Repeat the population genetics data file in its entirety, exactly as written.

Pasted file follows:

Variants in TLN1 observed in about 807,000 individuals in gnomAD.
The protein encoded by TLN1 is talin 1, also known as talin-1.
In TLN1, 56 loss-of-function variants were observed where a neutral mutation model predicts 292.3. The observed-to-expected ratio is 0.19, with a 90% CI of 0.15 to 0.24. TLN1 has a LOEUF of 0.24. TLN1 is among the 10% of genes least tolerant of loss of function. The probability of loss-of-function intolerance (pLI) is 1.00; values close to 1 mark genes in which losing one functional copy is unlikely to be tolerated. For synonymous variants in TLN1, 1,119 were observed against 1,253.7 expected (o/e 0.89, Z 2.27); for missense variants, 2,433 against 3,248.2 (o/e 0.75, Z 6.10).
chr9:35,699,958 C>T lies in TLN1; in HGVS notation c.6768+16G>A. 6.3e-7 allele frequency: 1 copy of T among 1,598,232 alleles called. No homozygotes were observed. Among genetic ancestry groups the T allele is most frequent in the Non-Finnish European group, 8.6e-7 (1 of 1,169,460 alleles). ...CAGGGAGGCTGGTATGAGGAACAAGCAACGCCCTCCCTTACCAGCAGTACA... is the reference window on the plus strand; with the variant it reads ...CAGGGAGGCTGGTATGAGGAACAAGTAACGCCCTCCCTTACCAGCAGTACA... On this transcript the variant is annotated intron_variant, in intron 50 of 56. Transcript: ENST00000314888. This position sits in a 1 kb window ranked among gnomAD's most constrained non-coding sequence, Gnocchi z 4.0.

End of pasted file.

Variants in TLN1 observed in about 807,000 individuals in gnomAD.
The protein encoded by TLN1 is talin 1, also known as talin-1.
In TLN1, 56 loss-of-function variants were observed where a neutral mutation model predicts 292.3. The observed-to-expected ratio is 0.19, with a 90% CI of 0.15 to 0.24. TLN1 has a LOEUF of 0.24. TLN1 is among the 10% of genes least tolerant of loss of function. The probability of loss-of-function intolerance (pLI) is 1.00; values close to 1 mark genes in which losing one functional copy is unlikely to be tolerated. For synonymous variants in TLN1, 1,119 were observed against 1,253.7 expected (o/e 0.89, Z 2.27); for missense variants, 2,433 against 3,248.2 (o/e 0.75, Z 6.10).
chr9:35,699,958 C>T lies in TLN1; in HGVS notation c.6768+16G>A. 6.3e-7 allele frequency: 1 copy of T among 1,598,232 alleles called. No homozygotes were observed. Among genetic ancestry groups the T allele is most frequent in the Non-Finnish European group, 8.6e-7 (1 of 1,169,460 alleles). ...CAGGGAGGCTGGTATGAGGAACAAGCAACGCCCTCCCTTACCAGCAGTACA... is the reference window on the plus strand; with the variant it reads ...CAGGGAGGCTGGTATGAGGAACAAGTAACGCCCTCCCTTACCAGCAGTACA... On this transcript the variant is annotated intron_variant, in intron 50 of 56. Transcript: ENST00000314888. This position sits in a 1 kb window ranked among gnomAD's most constrained non-coding sequence, Gnocchi z 4.0.